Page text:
A Smart Way to Wait in Line

Recently I went to the Secretary of State Office to take care of ID info for my son and mother. The office I visited was a supercenter for state IDs, driver licenses, license plate renewals, and other related services. Unfortunately, when I got there, over 150 people were waiting in line ahead of us.

However, there has been quite a bit of process changes since the last time I visited the office. For example, usually when you enter the office, you would have to pull a number from a machine and wait for your number to be called with no idea of how long you would have to wait. The first change I noticed was the two kiosks that visitors can use to enter phone numbers and then procees to the first line for document check in.

After checking our documents in and meeting with the service clerk about our reason for being there, I was handed applications to be filled out while waiting. We scanned the area to find seats among what appeared to be a sea of people to listen for the last four numbers of my phone number.

There were two TV monitors hanging from the ceiling that displayed the waiting time such as 3 hr 56 min. There are also four columns on the screen which displayed each registered visitor’s number according to each person’s arrival. Although this supercenter had a lot of people visiting early in the morning, the line moved rather quickly.

There were 15 service windows available which made the waiting process not as intolerable as I initially thought. After I sat down, I began watching the screen. As time ticked on, I also begin to feel my hunger due to missing breakfast.

After some time had passed, I spoke with my son about going outside to see if there were any dining places around the plaza so that we could have lunch after finishing our business. Instead of me going to browse the plaza, he volunteered to go and came back to tell me that there was a Subway located a few doors down from the center.

Making Good Use of Waiting Time

I thought I could continue watching the monitor patiently, but I couldn’t. I decided since we had about an hour and 20 minutes before being called, it would be alright to take an early lunch break especially when the restaurant wasn’t crowded yet.

Another benefit that is available to visitors is the option of making service appointments. This allows you to avoid the crowd no matter what time of day it is. On the other hand, if you prefer walk-in service appointments, there will be a delay in your number being called. It shouldn’t be that long, so don’t get anxious if you see your number shift downward if it’s close to the numbers that are proceeding to the first, second, or third positions.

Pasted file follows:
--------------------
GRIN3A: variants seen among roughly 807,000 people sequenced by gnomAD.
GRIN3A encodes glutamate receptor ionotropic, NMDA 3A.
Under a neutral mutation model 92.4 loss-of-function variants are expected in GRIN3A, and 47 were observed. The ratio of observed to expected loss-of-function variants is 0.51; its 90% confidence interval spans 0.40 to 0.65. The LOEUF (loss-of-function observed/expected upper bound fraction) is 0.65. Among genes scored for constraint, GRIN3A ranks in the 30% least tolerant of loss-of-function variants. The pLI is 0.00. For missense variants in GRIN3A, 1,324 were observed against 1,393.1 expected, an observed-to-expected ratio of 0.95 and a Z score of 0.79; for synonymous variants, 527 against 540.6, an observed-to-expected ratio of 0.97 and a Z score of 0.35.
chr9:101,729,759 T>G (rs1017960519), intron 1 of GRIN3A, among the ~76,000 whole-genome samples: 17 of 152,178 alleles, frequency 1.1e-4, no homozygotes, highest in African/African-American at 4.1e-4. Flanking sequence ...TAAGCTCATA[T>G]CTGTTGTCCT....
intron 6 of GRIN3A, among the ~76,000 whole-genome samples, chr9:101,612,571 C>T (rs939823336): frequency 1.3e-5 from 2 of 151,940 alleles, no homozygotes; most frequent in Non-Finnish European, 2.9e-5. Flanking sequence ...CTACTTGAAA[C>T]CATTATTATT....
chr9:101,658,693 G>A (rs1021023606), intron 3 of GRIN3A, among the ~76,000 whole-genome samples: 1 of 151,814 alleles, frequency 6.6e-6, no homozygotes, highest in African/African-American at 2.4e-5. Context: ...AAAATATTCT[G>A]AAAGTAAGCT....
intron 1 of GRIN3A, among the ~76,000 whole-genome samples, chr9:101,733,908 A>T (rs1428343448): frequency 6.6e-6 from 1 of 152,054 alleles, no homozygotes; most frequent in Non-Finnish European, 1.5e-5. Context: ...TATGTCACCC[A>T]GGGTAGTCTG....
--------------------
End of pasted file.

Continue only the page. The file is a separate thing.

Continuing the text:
Shortly after I registered my phone number, during the short time I sat in the center, and while I was at Subway, I received text messages letting me know how much time I had left to wait in line. This is the best feature about the service because if you prefer not to wait inside the center, you can run errands and return or reserve your place in line from home by using the Mobile Line Placeholder app called MI-TIME Line¬†and head to the center within 15 or 20 minutes of your expected call time depending on how far you are from the center’s location.

I’m not sure if every state has this service, so you’ll have to check with your local Secretary of State office or Department of Motor Vehicles for service waiting process updates. Each text message also asked me if I needed additional time.

If I did, instructions were provided to let me know how I could make a request. When we arrived back to the center, we were number 50 in line. The time after our arrival seemed to pass by really fast. We left when we were number 90 or 92 (I can’t remember the exact place) and came back at place 50. It felt like we made progress without the mental stress associated with sitting idle.

Improvement You Can Appreciate

Overall, my waiting experience was good. We live in an instant-service society where we expect everything to be served to us within seconds or a few minutes. We’ve become so conditioned to instant gratification that sometimes we forget the responsibilities of the workers on the other end of our expectation.

Regardless of the amount of time we must wait, the convenient services we have access to is evidence that a lot of effort is being made to streamline services in various service industries.

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